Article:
Using Tcpdump to See Background DNS Requests

This post explains how to use tcpdump on Linux to detect and investigate DNS requests. One of our Red Hat client systems was making requests to an old DNS server, even though it had been adjusted, through a change to/etc/resolv.conf, to point to a new one.

Requests to the old server were identified as follows.

[root@pluto root]# tcpdump -i eth0 -l -vvv dst host 192.168.1.103 and dst port 53
(...waited 15 mins or so...)
tcpdump: listening on eth0
16:38:18.019703 pluto.mycompany.com.41783 > olddnsbox.mycompany.com: [bad udp cksum 48f5!]  21331+ A? somebox.mycompany.com. (42) (DF) (ttl 64, id 48623, len 70)
16:38:18.033461 pluto.mycompany.com.41783 > olddnsbox.mycompany.com: [bad udp cksum 5919!]  12099+ A? somebox.mycompany.com. (42) (DF) (ttl 64, id 48625, len 70)

192.168.1.103 is the ip address of the old DNS server. Tcpdump shows network packets sent to the standard DNS port (53) at that IP address. Requests were few so I had to wait 15 or 20 minutes to capture the above.

The client was last rebooted a year ago, many months before /etc/resolv.conf was last edited. Tcpdump shows that some application is still querying the old server. The fix was to reboot the client, restarting the erroneous application and stopping the outdated requests.

Sendmail Authentication for Local Mail Delivery

These days, service providers like British Telecom have tightened up their requirements on email delivery. Most ISPs now accept email only from servers that can authenticate through SMTP. Sendmail has authentication built in, allowing administrators to use an “authinfo” file, for example. The server then authenticates every time it sends mail out to the ISP.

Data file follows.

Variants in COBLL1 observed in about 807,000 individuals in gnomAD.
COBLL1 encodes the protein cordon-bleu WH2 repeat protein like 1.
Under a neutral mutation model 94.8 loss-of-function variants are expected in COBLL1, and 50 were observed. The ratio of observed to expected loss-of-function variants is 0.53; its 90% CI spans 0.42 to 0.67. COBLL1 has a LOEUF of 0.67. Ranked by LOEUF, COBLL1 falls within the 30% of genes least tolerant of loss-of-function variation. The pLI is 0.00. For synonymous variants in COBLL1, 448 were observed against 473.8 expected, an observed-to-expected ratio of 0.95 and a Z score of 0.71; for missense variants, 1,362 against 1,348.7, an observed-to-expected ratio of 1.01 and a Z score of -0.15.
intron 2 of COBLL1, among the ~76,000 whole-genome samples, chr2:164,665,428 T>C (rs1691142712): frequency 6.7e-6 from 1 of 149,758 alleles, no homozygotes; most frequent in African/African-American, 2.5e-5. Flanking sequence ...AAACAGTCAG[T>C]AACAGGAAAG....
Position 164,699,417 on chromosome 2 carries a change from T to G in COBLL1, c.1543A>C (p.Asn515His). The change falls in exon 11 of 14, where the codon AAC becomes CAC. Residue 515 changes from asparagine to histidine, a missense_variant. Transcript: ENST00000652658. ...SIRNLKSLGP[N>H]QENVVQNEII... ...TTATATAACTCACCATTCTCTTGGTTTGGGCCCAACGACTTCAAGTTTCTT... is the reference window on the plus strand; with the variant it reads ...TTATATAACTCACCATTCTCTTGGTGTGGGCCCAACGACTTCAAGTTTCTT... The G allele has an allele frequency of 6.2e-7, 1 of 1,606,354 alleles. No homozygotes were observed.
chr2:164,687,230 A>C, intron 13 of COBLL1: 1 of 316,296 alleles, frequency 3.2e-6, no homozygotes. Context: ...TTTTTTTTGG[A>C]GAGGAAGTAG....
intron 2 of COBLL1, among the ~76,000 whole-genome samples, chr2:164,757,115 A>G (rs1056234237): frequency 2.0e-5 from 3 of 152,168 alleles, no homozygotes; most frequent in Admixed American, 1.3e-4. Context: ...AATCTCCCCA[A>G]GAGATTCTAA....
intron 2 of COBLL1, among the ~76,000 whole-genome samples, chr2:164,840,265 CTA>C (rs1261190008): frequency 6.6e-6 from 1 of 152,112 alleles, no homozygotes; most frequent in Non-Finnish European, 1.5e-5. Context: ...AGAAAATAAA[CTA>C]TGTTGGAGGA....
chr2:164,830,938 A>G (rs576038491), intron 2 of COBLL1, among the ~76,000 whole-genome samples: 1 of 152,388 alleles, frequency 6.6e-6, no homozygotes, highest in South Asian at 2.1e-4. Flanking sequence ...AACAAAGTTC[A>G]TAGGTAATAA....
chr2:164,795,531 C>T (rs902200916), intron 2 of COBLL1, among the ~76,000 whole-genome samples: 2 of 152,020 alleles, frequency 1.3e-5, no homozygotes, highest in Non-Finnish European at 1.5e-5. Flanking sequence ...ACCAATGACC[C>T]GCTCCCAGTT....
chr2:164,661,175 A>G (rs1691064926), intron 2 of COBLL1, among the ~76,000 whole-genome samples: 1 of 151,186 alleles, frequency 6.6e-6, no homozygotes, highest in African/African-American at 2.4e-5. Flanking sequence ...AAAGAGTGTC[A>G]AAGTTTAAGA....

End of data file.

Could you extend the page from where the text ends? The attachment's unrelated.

That’s great for reducing spam. But it can have a side-effect of killing local mail on the server. Here is an recent example from Debian Squeeze. The authentication features that allowed this server to successfully send mail through the ISP were preventing local mail from working: Continue reading

Copying Directories with SSH

Copying data is something every administrator does.  A single file or directory file can be copied with a single command.  Moving information from one system to another needs a bit more work, but it needn’t be a pain.

The ssh command can be used to copy data from one Unix system to another.    Here is an example for HP-UX, but it works on Linux too.  A directory, called /var/opt/ignite, is copied from the system “pluto” to another machine called “jupiter”. Continue reading